Pascal's Triangle

By de Mestre, Neville | Australian Mathematics Teacher, Fall 2010 | Go to article overview

Pascal's Triangle


de Mestre, Neville, Australian Mathematics Teacher


Consider the pattern of numbers shown in Figure 1.

[FIGURE 1 OMITTED]

The first row has the element 1, while the second row has two ones symmetrically staggered either side of the number in the first row so that an equilateral triangular pattern is being formed. The third row again has ones in the outside positions but the central number is the sum of the two staggered numbers just above it. The fourth row continues this process and is therefore

1    1 + 2 1 + 2    1

This triangular pattern is known as Pascal's triangle, named after the French mathematician Blaise Pascal (1623-1662). Although Pascal's name is associated with it today, it was known many years beforehand. The Chinese mathematician Chu Shi-kie published it in China in 1303 and he claimed that even then it was an ancient fact.

See if your students can discover the next three rows for themselves. Then ask them to find the sum of the numbers in each row. Can they deduce the sum for the tenth row?

When a coin is tossed it will come down showing a head (H) or a tail (T) on landing. When two coins are tossed at the same time, the result is either HH, HT, TH, or TT. In tabular form we could write this as:

No tail      One tail     Two tails

HH           HT, TH       TT
1            2            1

This is the third row of Pascal's triangle. Now ask your class to show the tabular results for tossing three coins at the same time, then four coins and perhaps five.

In an earlier Discovery article (de Mestre, 2008), I investigated patterns with ones. Consider

[11.sup.0] = 1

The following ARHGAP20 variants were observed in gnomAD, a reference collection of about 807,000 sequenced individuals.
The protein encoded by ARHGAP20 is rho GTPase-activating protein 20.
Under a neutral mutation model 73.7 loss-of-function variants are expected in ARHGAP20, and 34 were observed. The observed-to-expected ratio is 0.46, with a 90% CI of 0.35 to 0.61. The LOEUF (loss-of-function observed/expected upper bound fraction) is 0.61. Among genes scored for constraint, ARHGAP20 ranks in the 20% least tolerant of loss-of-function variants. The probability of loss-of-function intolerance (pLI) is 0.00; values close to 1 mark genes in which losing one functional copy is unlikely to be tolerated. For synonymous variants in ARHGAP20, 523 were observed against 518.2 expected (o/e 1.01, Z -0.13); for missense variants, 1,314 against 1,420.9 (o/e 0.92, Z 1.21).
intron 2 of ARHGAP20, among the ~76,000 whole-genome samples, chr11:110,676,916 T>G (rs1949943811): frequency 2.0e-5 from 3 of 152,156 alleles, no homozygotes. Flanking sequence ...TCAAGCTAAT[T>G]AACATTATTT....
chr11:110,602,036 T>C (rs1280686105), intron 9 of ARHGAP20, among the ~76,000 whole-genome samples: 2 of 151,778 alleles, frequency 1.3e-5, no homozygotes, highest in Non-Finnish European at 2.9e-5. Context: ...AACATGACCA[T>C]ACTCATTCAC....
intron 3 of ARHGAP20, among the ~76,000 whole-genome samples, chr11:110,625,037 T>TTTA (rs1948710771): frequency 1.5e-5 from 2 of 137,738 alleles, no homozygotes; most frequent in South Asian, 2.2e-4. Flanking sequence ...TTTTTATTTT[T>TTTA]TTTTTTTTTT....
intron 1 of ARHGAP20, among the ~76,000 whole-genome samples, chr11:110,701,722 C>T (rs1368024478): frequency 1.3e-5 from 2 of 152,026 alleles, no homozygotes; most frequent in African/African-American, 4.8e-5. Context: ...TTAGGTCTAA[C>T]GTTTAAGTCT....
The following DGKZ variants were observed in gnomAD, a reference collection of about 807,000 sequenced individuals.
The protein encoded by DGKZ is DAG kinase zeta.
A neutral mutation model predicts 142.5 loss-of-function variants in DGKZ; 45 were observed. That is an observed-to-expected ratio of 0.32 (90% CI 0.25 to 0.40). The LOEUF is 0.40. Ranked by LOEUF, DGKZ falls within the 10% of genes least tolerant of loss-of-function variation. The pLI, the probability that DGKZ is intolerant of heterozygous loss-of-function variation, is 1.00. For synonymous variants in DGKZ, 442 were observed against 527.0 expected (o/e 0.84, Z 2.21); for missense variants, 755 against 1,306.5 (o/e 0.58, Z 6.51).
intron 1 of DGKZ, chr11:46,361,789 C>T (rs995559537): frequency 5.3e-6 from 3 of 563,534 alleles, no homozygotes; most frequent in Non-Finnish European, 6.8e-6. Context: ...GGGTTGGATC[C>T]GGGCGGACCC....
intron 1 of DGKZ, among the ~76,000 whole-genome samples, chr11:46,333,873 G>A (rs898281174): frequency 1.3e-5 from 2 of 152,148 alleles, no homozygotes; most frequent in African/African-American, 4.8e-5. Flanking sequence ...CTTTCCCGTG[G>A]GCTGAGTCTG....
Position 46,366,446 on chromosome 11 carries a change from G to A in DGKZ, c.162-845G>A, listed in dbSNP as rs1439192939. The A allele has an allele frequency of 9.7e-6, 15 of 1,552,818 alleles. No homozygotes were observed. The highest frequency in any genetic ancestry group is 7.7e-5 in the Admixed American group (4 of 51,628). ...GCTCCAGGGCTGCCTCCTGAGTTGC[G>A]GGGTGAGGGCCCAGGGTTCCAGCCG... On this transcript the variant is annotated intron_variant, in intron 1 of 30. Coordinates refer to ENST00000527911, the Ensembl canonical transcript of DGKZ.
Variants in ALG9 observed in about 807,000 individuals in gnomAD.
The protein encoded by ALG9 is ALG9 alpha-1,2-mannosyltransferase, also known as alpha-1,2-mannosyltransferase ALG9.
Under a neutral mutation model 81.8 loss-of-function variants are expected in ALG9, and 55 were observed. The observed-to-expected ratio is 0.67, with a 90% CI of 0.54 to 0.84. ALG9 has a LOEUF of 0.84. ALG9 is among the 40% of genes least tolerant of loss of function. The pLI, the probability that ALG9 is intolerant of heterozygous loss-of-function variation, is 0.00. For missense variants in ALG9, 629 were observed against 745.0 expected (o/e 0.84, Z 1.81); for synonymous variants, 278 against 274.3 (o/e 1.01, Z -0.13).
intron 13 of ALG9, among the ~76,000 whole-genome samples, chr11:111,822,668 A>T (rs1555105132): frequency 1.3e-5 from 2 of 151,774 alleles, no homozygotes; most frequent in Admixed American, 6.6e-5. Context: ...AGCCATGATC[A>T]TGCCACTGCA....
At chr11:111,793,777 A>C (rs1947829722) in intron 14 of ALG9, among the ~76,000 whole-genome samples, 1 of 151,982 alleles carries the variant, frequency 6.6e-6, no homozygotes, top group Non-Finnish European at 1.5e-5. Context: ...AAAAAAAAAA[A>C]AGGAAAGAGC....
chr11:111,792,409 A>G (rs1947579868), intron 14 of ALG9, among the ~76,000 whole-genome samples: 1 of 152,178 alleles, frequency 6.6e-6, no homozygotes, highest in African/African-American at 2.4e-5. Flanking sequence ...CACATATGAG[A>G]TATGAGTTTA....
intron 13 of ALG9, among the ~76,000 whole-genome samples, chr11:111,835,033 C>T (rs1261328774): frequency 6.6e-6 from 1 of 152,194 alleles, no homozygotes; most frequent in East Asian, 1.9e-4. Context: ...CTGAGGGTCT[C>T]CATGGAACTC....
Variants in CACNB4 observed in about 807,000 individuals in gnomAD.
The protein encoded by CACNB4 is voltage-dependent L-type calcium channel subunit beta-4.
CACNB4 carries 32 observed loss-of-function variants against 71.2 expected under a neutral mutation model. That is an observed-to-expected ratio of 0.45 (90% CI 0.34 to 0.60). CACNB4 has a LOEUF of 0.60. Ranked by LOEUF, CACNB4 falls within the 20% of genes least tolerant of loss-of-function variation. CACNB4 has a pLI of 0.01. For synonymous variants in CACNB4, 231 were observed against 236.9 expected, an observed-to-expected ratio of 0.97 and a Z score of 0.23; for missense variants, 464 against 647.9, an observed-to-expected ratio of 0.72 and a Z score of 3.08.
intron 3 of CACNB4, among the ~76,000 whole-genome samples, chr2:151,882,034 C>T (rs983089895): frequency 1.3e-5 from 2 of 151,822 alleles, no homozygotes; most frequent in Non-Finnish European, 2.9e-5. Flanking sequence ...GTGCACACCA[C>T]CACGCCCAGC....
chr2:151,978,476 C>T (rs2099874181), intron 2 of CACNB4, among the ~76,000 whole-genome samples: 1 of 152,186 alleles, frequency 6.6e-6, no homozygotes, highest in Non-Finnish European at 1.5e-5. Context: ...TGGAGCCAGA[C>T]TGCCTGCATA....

[11.sup.1] = 11

[11.sup.2] = 121

[11.sup.3] = 1331

[11.sup.4] = 14641

Note that the triangle has been generated again. However it only happens for a limited number of rows. See if your students can find out when it stops.

Pascal's triangle can also be seen in a square grid such as the 5 x 5 array shown in Figure 2 , or one even longer.

[FIGURE 2 OMITTED]

Consider the cells as stepping paths. If a person starts at S there is only one shortest path they can take to reach each of the cells in the first row. But to reach a cell in the second row from S, the number of equal shortest paths are the counting numbers as shown. To reach the third row from S your students should try to discover the numbers shown in Figure 2. These are the triangular numbers, and for the fourth row the tetrahedral numbers. Pascal's triangle can now be seen along the diagonal cells from left to right.

The above construction can be extended very easily by your students using a spreadsheet application, such as Excel.

Write 1 in cell A1 and fill across row 1 for as far as you like.

Next fill down column A, again obtaining all ones.

Write "=A2+B1" in cell B2 and fill down the rest of column B or to where you stopped filling down. …

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